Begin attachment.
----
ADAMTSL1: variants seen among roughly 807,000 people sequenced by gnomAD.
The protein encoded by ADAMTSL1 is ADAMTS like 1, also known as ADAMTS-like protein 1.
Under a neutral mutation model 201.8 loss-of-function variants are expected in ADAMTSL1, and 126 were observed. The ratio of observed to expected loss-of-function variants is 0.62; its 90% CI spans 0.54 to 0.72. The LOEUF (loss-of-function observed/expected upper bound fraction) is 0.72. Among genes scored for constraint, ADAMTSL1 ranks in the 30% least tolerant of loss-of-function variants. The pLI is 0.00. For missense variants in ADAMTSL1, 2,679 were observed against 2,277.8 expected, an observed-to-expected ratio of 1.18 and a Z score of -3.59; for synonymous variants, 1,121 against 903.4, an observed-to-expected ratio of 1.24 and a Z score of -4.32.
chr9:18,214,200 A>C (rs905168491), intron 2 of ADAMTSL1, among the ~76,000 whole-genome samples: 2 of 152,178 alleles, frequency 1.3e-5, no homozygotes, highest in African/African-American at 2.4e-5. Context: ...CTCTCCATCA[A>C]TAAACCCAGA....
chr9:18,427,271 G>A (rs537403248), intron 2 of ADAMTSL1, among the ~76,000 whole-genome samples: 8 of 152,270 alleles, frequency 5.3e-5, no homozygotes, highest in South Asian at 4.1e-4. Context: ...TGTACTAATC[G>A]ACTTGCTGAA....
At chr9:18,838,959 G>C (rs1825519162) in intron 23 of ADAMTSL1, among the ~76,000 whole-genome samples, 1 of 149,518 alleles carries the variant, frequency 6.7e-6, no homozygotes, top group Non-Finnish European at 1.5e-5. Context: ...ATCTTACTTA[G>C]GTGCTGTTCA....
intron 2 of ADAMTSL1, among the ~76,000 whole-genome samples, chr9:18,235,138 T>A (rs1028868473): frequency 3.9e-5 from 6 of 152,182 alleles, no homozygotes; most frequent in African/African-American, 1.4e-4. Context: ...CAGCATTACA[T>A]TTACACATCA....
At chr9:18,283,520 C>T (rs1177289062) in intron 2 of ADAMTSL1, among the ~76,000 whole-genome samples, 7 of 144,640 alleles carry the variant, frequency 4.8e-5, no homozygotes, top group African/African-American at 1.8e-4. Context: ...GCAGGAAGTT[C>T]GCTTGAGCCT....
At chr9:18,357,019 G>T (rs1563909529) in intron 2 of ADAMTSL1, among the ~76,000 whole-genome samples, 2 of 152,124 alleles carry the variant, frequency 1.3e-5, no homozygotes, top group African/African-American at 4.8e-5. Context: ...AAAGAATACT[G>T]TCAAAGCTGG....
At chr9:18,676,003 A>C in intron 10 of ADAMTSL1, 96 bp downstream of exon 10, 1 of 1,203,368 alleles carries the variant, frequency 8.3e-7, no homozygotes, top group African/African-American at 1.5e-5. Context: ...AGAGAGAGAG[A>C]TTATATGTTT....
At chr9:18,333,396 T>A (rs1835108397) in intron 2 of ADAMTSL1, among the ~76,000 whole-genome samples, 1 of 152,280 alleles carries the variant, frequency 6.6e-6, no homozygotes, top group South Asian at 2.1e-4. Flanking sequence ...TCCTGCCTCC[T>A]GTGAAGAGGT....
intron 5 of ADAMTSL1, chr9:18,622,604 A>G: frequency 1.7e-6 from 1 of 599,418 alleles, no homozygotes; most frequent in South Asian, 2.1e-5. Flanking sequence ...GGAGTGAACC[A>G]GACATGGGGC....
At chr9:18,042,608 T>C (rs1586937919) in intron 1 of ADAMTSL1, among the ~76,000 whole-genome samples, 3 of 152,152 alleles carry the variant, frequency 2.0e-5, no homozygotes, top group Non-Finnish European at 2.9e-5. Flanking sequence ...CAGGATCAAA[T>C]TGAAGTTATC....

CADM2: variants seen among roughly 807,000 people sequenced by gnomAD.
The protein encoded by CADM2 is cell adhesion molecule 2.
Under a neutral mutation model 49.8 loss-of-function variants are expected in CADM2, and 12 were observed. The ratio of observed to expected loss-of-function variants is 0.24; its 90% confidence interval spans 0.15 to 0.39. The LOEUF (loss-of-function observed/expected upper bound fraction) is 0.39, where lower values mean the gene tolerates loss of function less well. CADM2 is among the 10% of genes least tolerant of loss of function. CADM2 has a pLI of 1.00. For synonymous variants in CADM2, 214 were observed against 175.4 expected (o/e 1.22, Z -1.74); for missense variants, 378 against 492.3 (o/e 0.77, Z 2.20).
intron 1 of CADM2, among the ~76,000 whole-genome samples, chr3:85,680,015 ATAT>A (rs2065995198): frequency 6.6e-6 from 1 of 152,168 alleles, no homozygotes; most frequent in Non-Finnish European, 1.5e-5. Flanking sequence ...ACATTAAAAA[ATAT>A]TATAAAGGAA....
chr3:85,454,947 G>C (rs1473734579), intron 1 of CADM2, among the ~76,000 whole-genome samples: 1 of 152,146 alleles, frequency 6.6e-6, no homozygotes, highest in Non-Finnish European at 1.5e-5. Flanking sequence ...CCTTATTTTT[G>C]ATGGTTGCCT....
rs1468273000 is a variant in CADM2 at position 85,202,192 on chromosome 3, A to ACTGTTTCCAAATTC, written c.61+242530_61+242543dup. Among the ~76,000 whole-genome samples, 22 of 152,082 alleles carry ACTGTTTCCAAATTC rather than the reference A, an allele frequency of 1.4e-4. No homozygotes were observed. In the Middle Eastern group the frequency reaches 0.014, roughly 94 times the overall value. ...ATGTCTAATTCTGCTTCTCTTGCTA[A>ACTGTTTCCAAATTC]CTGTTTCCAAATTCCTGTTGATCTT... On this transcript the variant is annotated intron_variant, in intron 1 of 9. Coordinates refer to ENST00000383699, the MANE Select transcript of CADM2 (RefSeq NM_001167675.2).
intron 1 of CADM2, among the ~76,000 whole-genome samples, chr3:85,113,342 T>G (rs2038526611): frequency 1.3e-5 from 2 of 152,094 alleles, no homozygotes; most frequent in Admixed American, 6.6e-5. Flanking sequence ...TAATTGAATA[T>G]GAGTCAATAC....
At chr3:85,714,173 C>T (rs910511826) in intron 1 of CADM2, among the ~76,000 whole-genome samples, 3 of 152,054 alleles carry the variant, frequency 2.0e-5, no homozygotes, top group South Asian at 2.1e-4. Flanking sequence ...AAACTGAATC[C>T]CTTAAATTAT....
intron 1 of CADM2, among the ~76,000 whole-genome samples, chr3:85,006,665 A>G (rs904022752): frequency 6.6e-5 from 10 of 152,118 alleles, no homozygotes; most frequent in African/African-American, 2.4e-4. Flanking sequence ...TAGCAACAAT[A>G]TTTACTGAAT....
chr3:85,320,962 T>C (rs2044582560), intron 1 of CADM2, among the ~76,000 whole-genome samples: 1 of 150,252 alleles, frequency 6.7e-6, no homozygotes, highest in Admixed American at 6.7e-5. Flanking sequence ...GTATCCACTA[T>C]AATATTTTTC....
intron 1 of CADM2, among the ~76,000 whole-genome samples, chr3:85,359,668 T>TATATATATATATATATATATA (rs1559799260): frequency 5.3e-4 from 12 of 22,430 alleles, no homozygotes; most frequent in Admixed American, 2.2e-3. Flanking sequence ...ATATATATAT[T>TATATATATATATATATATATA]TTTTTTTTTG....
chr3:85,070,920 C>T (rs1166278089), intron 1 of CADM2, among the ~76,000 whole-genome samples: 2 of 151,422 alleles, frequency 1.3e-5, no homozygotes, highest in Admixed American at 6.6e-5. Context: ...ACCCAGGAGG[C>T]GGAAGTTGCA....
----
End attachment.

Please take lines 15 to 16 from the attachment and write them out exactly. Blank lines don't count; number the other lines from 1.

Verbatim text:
The protein encoded by CADM2 is cell adhesion molecule 2.
Under a neutral mutation model 49.8 loss-of-function variants are expected in CADM2, and 12 were observed. The ratio of observed to expected loss-of-function variants is 0.24; its 90% confidence interval spans 0.15 to 0.39. The LOEUF (loss-of-function observed/expected upper bound fraction) is 0.39, where lower values mean the gene tolerates loss of function less well. CADM2 is among the 10% of genes least tolerant of loss of function. CADM2 has a pLI of 1.00. For synonymous variants in CADM2, 214 were observed against 175.4 expected (o/e 1.22, Z -1.74); for missense variants, 378 against 492.3 (o/e 0.77, Z 2.20).